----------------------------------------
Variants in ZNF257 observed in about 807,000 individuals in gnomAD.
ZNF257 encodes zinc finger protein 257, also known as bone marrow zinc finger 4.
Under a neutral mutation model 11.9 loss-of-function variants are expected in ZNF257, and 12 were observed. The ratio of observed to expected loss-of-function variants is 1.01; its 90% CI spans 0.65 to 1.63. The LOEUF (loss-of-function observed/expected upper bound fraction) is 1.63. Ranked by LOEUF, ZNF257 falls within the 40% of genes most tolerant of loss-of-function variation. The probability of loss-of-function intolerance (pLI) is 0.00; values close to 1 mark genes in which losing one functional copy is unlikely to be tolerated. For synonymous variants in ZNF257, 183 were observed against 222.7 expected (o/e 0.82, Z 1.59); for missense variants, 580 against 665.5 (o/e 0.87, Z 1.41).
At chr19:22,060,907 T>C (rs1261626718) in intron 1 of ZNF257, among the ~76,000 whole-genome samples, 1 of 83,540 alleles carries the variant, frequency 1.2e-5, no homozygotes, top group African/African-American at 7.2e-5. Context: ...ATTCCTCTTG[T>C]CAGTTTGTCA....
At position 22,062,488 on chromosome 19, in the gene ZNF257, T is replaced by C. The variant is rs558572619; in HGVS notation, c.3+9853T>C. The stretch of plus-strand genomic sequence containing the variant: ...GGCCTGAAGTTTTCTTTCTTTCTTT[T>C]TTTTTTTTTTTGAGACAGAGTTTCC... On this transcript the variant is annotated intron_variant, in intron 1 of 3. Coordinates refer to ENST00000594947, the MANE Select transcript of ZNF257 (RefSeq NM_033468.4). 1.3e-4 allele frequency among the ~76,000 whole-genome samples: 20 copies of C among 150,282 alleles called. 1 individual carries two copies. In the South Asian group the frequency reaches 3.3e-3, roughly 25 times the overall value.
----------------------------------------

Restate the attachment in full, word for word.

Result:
Variants in ZNF257 observed in about 807,000 individuals in gnomAD.
ZNF257 encodes zinc finger protein 257, also known as bone marrow zinc finger 4.
Under a neutral mutation model 11.9 loss-of-function variants are expected in ZNF257, and 12 were observed. The ratio of observed to expected loss-of-function variants is 1.01; its 90% CI spans 0.65 to 1.63. The LOEUF (loss-of-function observed/expected upper bound fraction) is 1.63. Ranked by LOEUF, ZNF257 falls within the 40% of genes most tolerant of loss-of-function variation. The probability of loss-of-function intolerance (pLI) is 0.00; values close to 1 mark genes in which losing one functional copy is unlikely to be tolerated. For synonymous variants in ZNF257, 183 were observed against 222.7 expected (o/e 0.82, Z 1.59); for missense variants, 580 against 665.5 (o/e 0.87, Z 1.41).
At chr19:22,060,907 T>C (rs1261626718) in intron 1 of ZNF257, among the ~76,000 whole-genome samples, 1 of 83,540 alleles carries the variant, frequency 1.2e-5, no homozygotes, top group African/African-American at 7.2e-5. Context: ...ATTCCTCTTG[T>C]CAGTTTGTCA....
At position 22,062,488 on chromosome 19, in the gene ZNF257, T is replaced by C. The variant is rs558572619; in HGVS notation, c.3+9853T>C. The stretch of plus-strand genomic sequence containing the variant: ...GGCCTGAAGTTTTCTTTCTTTCTTT[T>C]TTTTTTTTTTTGAGACAGAGTTTCC... On this transcript the variant is annotated intron_variant, in intron 1 of 3. Coordinates refer to ENST00000594947, the MANE Select transcript of ZNF257 (RefSeq NM_033468.4). 1.3e-4 allele frequency among the ~76,000 whole-genome samples: 20 copies of C among 150,282 alleles called. 1 individual carries two copies. In the South Asian group the frequency reaches 3.3e-3, roughly 25 times the overall value.